I know that some of you are on board with ESG investing. And I also know that some of you might think that it is bunk. For me, it is truly not about politics, but rather what works well in the stock and bond markets now.
I have read, listened to and had the tremendous privilege of meeting Dr. Milton Friedman. He was the Nobel Prize winning economist that was predominately at the University of Chicago. He was an ardent supporter of the free market. And while ESG was not yet a common investment phrase — he was critical of companies that took efforts toward causes other than shareholder returns. He thought that doing so made companies less productive and profitable.
But even Uncle Milton would now agree that today, the market-driven forces are justifying investment in ESG right now.
ESG investing stands for environmental, social and governance. And it is both a category of companies as well as a scoring mechanism of companies. The basic nature of ESG is that it is a means of investing that will not only provide growth and income, but one that has a better impact on the environment, society and shareholders.
Beyond the Basics of ESG Investing
But what does ESG really mean? How should you conceptualize each of the components?
Environmentally friendly means greater use or production of clean energy along with less impact in terms of waste and material use. This is not a drag on most companies –including energy and utility companies — that continue to drive growth and more income from renewable and cleaner energy production.
Social concerns bring in the practice of involving more stakeholders into the decisions of companies. It means that companies are more aware of the impact on communities as well as consumers. It can be a grab bag for lots of other causes — but at its core — social responsibility should drive consumers to have a more favorable view of a company.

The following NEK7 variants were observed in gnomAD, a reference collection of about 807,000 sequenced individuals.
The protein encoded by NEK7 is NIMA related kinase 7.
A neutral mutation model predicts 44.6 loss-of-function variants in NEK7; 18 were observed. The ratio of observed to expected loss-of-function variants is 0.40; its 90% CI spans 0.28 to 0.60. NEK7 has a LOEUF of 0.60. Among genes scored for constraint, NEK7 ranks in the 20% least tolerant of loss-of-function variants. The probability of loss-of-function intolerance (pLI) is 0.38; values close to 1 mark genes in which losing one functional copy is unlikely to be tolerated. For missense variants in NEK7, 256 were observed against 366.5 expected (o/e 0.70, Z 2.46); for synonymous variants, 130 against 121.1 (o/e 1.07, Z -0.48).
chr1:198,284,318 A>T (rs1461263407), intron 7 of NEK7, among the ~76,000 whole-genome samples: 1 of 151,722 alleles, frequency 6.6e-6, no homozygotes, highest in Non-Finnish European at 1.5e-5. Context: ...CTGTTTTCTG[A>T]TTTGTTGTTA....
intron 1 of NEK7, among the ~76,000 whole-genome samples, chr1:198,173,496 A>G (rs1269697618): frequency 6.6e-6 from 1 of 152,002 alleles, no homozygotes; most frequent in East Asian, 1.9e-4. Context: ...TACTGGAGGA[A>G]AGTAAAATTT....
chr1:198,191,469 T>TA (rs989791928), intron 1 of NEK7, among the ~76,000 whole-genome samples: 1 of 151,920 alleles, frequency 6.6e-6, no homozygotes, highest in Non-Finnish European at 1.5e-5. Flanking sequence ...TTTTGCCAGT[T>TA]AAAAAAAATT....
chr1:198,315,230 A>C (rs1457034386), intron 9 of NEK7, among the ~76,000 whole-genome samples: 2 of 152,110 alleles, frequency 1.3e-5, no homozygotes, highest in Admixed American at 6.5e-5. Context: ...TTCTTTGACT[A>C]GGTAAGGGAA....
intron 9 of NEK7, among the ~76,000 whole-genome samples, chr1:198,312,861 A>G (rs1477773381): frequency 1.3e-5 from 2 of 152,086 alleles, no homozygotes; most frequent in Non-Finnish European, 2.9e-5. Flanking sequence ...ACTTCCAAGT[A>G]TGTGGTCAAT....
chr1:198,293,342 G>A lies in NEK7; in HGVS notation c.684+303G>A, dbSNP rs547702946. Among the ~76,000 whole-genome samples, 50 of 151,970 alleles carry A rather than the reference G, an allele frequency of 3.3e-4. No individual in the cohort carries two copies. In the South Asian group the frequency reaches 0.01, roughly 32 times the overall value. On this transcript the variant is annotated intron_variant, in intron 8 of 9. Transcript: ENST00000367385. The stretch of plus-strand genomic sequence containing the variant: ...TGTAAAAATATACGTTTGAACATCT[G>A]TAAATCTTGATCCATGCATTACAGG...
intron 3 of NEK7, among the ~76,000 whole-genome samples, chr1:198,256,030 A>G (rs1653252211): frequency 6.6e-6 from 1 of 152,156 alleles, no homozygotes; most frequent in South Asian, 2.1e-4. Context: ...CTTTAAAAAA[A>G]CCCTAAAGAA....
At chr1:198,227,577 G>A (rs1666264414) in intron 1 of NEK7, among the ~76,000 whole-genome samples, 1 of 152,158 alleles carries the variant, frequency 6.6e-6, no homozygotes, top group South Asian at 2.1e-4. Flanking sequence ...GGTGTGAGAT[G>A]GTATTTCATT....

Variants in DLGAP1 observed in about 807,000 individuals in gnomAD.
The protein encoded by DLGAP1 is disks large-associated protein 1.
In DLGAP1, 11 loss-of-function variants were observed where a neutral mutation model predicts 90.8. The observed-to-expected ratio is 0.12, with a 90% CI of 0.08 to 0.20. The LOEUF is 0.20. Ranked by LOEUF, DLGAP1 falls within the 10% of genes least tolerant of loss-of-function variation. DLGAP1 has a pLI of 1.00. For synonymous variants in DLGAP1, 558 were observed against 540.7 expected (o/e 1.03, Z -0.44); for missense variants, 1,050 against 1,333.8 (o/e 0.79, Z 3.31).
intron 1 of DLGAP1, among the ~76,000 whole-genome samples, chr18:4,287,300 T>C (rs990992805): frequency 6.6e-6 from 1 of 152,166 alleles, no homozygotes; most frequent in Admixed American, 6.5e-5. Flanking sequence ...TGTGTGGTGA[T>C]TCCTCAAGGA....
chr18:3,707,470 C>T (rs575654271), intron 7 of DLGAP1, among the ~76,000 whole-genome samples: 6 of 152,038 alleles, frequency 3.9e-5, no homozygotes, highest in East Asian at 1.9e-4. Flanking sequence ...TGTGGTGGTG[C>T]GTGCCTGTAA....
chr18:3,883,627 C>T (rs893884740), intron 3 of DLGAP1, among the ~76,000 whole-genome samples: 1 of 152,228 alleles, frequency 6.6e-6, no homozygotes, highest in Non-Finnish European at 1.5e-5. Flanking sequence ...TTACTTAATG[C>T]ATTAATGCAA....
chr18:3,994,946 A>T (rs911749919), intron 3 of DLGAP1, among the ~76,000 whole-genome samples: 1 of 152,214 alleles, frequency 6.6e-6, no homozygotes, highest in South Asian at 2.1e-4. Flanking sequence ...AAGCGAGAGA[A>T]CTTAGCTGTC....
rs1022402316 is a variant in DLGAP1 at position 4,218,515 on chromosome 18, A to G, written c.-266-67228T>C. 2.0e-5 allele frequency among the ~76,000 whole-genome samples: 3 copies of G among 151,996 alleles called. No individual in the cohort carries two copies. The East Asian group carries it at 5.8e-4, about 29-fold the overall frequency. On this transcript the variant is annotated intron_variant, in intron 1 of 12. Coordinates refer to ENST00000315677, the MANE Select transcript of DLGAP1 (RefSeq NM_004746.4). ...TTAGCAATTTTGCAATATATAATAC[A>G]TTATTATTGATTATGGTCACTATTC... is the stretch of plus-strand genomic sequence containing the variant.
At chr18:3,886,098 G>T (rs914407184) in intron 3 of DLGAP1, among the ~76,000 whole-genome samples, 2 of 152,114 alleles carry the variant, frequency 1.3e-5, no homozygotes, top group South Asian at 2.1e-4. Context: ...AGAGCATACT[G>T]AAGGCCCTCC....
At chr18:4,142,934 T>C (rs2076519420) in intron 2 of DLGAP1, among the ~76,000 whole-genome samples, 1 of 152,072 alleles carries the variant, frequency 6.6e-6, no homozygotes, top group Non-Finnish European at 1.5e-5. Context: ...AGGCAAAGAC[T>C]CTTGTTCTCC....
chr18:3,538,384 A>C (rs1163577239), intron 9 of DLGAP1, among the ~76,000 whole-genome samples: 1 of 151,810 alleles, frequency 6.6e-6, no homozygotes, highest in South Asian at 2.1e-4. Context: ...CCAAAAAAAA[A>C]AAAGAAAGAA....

Governance includes better recognition of shareholders’ rights. This means independent boards of directors, more transparency in executive compensation and greater disclosure of company activities and financial conditions. All of this I have always been in favor of — including having separate CEO and chairman positions. I am also a fan of greater disclosure throughout the year and in quarterly reports.
Investors Are Now Demanding ESG
Individual investors are still a smaller part of the stock and bond market in their direct investments. Institutional investors continue to dominate in activities and holdings. And while many institutions are run privately for the benefit of their founders, more are run for the benefit of different cohorts.
Think pension funds or endowments, which make up a large portion of the capital market in the U.S. and beyond. The beneficiaries of these funds are demanding that fund management invest more in ESG-compliant or ESG-focused companies. And historically, beneficiaries have had a large sway on fund management when it comes to several targeted issues or agendas.
This is bringing the concept of ESG investing further into the boardrooms and C-Suites of companies. Additionally, fund managers are directing more capital to ESG-friendly companies.
BlackRock (NYSE:BLK), a stock in a dividend-focused portfolio within Profitable Investing called the Incredible Dividend Machine, has been making larger investments in ESG. Larry Fink, the founder and CEO of the company, is a big proponent of ESG. He has led the asset management company to roll out a series of funds including a major initiative in its dominating exchange-traded fund collection.